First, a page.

Effects of Varenicline on Ethanol- and Food-Maintained Responding in a Concurrent Access Procedure
Article first published online: 15 FEB 2013
Copyright © 2013 by the Research Society on Alcoholism
Alcoholism: Clinical and Experimental Research
Volume 37, Issue 7, pages 1228–1233, July 2013
How to Cite
Ginsburg, B. C. and Lamb, R. J. (2013), Effects of Varenicline on Ethanol- and Food-Maintained Responding in a Concurrent Access Procedure. Alcoholism: Clinical and Experimental Research, 37: 1228–1233. doi: 10.1111/acer.12085
- Issue published online: 3 JUL 2013
- Article first published online: 15 FEB 2013
- Manuscript Accepted: 21 NOV 2012
- Manuscript Received: 24 SEP 2012
- PHS. Grant Numbers: AA015993, AA012337
Varenicline has been reported to reduce drinking in smokers and to selectively decrease responding for ethanol (EtOH) versus alternatives in preclinical studies. Such selectivity may reflect potential therapeutic effects and the involvement of nicotinic receptors in EtOH reinforcement. However, these studies have been conducted with EtOH and an alternative available in isolation or in separate groups, and selectivity can depend on the context in which reinforcement occurs. Whether varenicline selectivity is maintained when EtOH and an alternative are concurrently available has not been reported. To examine the effects of varenicline on EtOH self-administration when an alternative is concurrently available, male Lewis rats (n = 5) were trained to respond for EtOH and food under a concurrent FR5 FRX schedule where the fixed ratio (FR) for food was adjusted (FR = 25 or 35 for each subject) to provide similar numbers of EtOH and food deliveries during a 30-minute session.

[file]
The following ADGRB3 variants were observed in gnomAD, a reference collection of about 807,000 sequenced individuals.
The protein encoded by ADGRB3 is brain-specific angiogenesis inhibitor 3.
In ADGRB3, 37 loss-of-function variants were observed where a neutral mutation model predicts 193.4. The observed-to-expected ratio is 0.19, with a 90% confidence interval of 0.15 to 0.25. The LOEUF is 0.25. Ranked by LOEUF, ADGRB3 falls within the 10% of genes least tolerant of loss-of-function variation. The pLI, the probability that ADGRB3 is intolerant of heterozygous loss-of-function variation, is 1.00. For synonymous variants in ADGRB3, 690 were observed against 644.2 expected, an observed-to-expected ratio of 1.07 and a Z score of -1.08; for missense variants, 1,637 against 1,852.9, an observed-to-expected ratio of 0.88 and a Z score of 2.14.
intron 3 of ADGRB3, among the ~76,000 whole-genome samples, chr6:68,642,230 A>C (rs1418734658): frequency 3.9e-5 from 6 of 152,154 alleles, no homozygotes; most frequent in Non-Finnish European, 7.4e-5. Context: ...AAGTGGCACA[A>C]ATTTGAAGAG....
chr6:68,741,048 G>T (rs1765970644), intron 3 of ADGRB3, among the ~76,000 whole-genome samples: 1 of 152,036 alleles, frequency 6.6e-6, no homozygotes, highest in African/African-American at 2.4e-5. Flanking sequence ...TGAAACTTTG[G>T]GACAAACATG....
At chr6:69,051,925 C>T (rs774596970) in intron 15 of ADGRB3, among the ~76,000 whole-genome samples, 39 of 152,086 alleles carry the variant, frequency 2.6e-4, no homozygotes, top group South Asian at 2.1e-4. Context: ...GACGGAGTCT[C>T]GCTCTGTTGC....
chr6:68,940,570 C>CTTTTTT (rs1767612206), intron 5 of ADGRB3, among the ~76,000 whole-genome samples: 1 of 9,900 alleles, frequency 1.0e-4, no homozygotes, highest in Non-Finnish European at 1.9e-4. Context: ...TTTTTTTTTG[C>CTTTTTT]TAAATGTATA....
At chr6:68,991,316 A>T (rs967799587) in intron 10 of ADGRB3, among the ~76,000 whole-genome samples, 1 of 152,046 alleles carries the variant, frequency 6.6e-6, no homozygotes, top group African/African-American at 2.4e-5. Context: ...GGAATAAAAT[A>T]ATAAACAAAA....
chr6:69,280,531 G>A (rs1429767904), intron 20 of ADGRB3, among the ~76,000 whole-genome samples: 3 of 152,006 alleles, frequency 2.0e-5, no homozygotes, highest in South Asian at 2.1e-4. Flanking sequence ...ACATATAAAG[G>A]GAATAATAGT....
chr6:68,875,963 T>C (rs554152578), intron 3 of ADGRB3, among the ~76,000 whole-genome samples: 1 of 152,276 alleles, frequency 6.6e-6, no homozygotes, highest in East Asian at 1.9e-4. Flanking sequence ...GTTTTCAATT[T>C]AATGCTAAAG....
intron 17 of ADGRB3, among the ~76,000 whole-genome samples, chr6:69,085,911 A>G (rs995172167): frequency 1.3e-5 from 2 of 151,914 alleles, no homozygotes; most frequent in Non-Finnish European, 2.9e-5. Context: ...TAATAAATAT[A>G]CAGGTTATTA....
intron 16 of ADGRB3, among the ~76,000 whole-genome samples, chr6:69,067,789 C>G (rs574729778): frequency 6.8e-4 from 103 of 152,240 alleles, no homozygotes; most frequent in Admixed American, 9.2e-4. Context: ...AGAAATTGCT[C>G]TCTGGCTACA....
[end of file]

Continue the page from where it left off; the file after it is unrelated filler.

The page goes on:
Doses of varenicline (0.56 to 5.6 mg/kg, i.p.) or vehicle were administered 30 minutes before sessions. Effects of varenicline on responding across the session and during each tenth of the session were compared to responding following vehicle treatment.
Lower doses (0.56 to 1.0 mg/kg) of varenicline increased responding for EtOH without affecting responding for food. Higher doses disrupted responding for EtOH and food similarly.
Previous reports of varenicline selectivity on EtOH-maintained responding do not generalize to other experimental conditions such as a concurrent schedule. The increase in responding for EtOH following lower doses might be due to enhanced EtOH reinforcement, decreased food reinforcement, rate dependency, or greater perseverance on the initial, EtOH response.